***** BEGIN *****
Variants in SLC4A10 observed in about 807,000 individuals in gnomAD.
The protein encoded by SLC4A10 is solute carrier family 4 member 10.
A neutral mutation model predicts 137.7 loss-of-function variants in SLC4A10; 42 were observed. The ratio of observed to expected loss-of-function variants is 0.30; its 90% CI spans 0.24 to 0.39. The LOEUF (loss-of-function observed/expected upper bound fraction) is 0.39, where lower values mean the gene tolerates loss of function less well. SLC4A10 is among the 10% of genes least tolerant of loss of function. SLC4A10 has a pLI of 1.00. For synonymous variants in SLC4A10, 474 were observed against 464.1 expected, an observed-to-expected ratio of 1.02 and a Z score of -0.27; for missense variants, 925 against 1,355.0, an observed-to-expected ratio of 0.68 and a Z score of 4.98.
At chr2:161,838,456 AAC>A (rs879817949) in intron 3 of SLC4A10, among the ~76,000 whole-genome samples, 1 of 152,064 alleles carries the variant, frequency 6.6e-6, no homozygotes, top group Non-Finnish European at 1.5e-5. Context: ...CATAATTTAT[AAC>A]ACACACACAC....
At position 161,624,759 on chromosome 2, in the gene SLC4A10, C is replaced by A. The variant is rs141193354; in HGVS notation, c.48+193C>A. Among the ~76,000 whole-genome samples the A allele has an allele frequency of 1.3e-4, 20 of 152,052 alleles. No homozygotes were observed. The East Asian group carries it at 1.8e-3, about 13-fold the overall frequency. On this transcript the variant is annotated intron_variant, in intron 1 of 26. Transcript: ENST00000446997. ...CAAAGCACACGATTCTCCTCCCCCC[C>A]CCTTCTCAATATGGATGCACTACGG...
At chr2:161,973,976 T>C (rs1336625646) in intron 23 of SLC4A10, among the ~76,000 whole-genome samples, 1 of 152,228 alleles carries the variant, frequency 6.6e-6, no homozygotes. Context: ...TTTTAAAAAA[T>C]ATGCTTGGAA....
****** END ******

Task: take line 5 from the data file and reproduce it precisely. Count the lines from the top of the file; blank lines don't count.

At position 161,624,759 on chromosome 2, in the gene SLC4A10, C is replaced by A. The variant is rs141193354; in HGVS notation, c.48+193C>A. Among the ~76,000 whole-genome samples the A allele has an allele frequency of 1.3e-4, 20 of 152,052 alleles. No homozygotes were observed. The East Asian group carries it at 1.8e-3, about 13-fold the overall frequency. On this transcript the variant is annotated intron_variant, in intron 1 of 26. Transcript: ENST00000446997. ...CAAAGCACACGATTCTCCTCCCCCC[C>A]CCTTCTCAATATGGATGCACTACGG...